I’m not one to take a one day sampling of the stock market and make a “see-I-told-you-so” snap reaction. Â It’s pretty unreasonable to think what happened in Congress on Friday would have much of an impact today–the assumption of the passage of the bailout was already priced into the market. Â But the reaction to today’s drop is fast and furious, so I thought I’d join in with some snark.
Dow dips below 10,000—Maybe the market realized over the weekend that its new business partner is the US Federal Government?
Should the Fed cut interest rates?–That sounds like a good idea…let’s rig the system so that we canÂ borrow our way out of this. Â Why didn’t someone think of that before?
Global markets affected by the credit crisis–Duh. Â Easy fix–just set up some sort of central banking system. Â Better yet, let’s set up several.
The biggest irony of all–we continue to look to the people who cause problems to solve them and wonder why things don’t get better. Â My favorite phrase is being thrown around by fear mongers is “uncertain economic times”. Â When have we ever lived in certain economic times?
From Fast Company:
“The idea that the market is always right is a crazy idea. Laissez-faire is over.”
Well, until the shit hits the fan, maybe. But it can’t be stopped forever.
Here are a few observations I’ve made in my few years…
1) Unregulated markets are illogical, emotional, impulsive, abusive, and reactionary…in the short term. But in the long term they are rational and efficient.
2) Government is smart, able, and well-meaning…in the short term. But in the long term it is idiotic, inefficient, and oppressive.
3) People who act based on fear, emotion, and good intentions and only think in the short-term tend to pay for it heavily in the long term. Almost always.
Short term thinking got Barry Bonds the home run record. It probably shriveled up his nuts and took a few years off his life in the long term.
Short term thinking got people to buy houses they could afford to pay for while their adjustable rate was low. It caused them to get foreclosed on in the long term.
Short term thinking will give institutions that made bad
loans investments the ability to make more loans investments. In the long term, well, I guess we’ll see, won’t we?
Maria Bartiromo was my big crush at the turn of the century.Â My daily schedule was to get up really early to work out, take a nap, and then get up to watch her for the opening bell at the NYSE on Squawk Box.Â She’s super smart, and not too tough to look at either, so I didn’t have much trouble staying awake to hear what she had to say.Â A couple of naps later and I could check her out again in the afternoons on Street Signs.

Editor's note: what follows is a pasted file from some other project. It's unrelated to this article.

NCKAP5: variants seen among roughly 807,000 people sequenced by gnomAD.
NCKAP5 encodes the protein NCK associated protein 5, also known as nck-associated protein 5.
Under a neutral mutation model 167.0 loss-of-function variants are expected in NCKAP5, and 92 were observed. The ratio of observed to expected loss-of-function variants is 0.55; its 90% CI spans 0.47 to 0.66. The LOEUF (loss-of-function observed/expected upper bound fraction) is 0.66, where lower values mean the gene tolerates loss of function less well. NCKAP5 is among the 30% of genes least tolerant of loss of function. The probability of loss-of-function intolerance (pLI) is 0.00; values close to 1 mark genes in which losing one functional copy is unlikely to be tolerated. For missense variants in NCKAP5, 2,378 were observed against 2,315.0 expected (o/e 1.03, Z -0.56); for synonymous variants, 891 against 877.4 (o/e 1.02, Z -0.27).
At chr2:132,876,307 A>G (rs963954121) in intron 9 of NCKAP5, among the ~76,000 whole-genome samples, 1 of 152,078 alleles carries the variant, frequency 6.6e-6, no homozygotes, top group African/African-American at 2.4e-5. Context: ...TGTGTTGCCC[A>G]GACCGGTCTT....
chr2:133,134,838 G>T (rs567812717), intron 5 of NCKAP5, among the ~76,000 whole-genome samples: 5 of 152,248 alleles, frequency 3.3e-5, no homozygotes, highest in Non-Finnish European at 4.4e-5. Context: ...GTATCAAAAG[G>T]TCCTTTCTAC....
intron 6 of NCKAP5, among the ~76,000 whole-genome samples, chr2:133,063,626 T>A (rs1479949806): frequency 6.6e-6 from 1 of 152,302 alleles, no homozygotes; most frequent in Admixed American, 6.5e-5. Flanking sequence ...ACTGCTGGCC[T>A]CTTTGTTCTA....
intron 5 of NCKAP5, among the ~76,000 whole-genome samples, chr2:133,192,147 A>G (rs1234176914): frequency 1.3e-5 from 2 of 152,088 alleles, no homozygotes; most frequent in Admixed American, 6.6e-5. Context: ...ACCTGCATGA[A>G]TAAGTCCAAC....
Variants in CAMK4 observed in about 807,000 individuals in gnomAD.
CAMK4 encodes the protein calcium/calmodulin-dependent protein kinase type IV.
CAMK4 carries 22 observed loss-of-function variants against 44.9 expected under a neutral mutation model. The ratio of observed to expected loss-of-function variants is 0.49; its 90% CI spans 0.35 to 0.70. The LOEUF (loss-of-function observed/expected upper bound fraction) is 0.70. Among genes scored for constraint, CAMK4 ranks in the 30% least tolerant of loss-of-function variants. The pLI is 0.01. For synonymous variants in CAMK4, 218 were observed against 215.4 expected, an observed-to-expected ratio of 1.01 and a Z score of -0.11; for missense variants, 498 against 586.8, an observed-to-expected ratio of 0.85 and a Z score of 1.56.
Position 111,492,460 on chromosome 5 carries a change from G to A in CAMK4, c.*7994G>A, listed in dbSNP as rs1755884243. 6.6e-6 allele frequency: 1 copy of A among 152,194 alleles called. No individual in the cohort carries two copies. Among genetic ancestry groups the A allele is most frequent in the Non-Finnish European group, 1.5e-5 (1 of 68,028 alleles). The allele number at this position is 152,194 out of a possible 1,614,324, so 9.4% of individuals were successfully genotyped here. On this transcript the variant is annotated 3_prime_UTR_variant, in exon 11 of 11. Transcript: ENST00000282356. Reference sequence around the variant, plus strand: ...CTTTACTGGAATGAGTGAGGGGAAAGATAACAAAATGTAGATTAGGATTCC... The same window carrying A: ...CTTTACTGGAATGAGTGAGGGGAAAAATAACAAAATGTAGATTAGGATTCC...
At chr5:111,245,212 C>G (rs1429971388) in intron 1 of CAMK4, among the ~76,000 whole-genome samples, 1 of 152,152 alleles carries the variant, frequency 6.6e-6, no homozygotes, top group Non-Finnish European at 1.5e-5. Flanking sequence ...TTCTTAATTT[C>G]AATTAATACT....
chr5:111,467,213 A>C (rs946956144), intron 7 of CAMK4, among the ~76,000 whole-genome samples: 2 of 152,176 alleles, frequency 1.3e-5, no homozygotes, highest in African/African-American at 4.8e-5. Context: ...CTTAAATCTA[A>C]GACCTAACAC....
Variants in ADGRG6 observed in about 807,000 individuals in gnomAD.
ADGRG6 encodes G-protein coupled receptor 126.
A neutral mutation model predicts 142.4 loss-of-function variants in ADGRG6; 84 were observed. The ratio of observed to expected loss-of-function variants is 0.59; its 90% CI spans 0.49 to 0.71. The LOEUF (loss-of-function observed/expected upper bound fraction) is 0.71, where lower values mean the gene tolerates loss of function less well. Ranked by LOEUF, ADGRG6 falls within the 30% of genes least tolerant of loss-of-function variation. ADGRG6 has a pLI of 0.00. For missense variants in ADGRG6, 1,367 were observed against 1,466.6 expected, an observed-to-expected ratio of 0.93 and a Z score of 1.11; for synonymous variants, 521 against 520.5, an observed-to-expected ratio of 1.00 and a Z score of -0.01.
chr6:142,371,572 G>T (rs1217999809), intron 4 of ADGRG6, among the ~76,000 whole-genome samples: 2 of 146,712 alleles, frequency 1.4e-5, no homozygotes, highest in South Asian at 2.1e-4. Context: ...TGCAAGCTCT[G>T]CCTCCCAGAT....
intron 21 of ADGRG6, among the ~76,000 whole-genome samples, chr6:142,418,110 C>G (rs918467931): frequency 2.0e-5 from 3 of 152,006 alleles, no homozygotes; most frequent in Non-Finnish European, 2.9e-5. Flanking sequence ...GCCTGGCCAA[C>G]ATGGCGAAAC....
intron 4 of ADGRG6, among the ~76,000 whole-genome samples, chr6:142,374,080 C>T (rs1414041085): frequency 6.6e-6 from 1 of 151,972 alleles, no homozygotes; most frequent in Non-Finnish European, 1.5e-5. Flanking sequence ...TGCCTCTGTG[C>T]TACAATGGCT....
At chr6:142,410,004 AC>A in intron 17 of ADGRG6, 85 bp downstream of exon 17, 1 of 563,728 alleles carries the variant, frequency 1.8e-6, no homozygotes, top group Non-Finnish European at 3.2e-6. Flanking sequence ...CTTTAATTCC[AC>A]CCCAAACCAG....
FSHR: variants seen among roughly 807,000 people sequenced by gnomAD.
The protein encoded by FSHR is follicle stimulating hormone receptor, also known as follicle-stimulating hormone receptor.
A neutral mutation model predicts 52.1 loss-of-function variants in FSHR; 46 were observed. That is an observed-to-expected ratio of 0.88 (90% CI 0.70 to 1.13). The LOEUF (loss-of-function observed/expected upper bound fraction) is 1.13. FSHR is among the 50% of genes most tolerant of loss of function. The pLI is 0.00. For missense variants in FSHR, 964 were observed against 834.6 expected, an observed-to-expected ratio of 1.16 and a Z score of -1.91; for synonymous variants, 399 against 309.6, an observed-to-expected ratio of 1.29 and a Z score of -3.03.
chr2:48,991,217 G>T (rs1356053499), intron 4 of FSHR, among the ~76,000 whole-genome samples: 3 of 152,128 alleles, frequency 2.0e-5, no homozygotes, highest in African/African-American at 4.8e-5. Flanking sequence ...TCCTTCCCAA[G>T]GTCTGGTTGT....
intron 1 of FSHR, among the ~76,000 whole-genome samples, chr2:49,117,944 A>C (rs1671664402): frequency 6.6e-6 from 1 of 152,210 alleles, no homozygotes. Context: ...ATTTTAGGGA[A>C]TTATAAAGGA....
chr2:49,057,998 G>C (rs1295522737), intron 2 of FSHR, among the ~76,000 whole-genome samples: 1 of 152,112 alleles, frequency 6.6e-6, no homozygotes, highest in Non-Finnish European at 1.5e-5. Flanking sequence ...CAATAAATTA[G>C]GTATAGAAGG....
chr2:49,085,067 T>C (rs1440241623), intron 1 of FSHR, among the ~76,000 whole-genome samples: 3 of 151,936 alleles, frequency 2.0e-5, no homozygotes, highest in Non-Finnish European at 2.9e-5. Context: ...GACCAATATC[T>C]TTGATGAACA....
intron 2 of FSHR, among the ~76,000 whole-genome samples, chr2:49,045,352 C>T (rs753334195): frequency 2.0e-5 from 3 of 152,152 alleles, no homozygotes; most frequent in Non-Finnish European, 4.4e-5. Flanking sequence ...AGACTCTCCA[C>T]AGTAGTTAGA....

Then the .com bubble burst and I had to get a real job.Â Oh well.
Last night Maria Bartiromo hosted a special on CNBC on America’s Oil Crisis.Â There were a few really interesting points and ideas on why we are in the situation we’re in right now and what’s going to happen in the future with oil and other energy sources.Â For instance,Â I was surprised to learn that George Bush doesn’t get up early every morning to set the prices at the pump of each and every gas station in the United States.
So who is to blame?
Speculators, for one, are getting a big part of the blame for creating something of an oil bubble.Â I didn’t realize that you only have to come up with 5% of the purchase price on oil, and a lot of folks are saying that margin should be raised.Â I’m good with letting some speculators get stuck when the bubble (if there really is one) bursts myself, just so long as they aren’t going to get bailed out for borrowing money to purchase over priced oil.
Where does the government’s share of the blame come in?Â No real energy policy, disallowing drilling in the US, continuing to devalue the currency and weaken the dollar.Â I guess those could have some effect, huh?Â Â Now there are pending threats of taxes on windfall profits on oil companies to boot.Â Talk about some incentive to increase production–just tell the producer that you’ll charge them more to allow them to do the work.Â Makes total sense.
It was interesting that 15% of the viewers polled put the blame on the consumer for not changing consumption habits.Â It makes me wonder–what is the price per gallon of gasoline that would make you carpool?Â Downsize in car?Â For me that was the $2 mark in 2002.
Bartiromo, the naughty capitalist that she is, slants a lot of her questions in favor of letting markets work these things out, but there were plenty of people interviewed on the show who are in favor of heavy government intervention, hinting at times that gas should be subsidized.Â I guess we have a right to state provided gas now too?